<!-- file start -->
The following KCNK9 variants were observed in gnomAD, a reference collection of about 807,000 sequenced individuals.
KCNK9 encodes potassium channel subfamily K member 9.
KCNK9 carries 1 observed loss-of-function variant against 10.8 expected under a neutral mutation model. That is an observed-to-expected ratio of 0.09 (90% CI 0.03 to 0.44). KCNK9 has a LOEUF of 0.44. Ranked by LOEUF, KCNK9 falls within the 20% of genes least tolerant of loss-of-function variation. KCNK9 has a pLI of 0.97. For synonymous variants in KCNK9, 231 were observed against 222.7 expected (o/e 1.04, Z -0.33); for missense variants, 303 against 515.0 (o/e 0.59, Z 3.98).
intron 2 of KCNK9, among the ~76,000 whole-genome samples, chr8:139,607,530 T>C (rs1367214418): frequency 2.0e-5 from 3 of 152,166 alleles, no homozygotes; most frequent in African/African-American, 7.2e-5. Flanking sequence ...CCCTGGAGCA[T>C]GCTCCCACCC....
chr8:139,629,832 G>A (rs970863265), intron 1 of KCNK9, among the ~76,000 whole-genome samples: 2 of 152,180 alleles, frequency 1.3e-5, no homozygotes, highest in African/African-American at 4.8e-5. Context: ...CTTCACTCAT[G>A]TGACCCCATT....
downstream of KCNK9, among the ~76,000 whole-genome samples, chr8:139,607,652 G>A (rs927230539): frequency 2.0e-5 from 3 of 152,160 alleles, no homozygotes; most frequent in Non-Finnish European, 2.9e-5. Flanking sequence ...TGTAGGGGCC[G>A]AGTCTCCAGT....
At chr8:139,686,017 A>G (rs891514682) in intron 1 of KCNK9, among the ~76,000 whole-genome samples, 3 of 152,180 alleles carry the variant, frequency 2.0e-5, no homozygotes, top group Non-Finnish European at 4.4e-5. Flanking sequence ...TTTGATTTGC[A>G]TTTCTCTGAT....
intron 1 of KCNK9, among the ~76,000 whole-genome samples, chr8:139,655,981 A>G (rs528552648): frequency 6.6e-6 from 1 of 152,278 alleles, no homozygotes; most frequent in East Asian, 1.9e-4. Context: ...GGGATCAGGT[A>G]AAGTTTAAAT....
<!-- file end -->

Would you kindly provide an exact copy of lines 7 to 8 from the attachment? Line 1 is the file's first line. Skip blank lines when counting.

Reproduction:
At chr8:139,686,017 A>G (rs891514682) in intron 1 of KCNK9, among the ~76,000 whole-genome samples, 3 of 152,180 alleles carry the variant, frequency 2.0e-5, no homozygotes, top group Non-Finnish European at 4.4e-5. Flanking sequence ...TTTGATTTGC[A>G]TTTCTCTGAT....
intron 1 of KCNK9, among the ~76,000 whole-genome samples, chr8:139,655,981 A>G (rs528552648): frequency 6.6e-6 from 1 of 152,278 alleles, no homozygotes; most frequent in East Asian, 1.9e-4. Context: ...GGGATCAGGT[A>G]AAGTTTAAAT....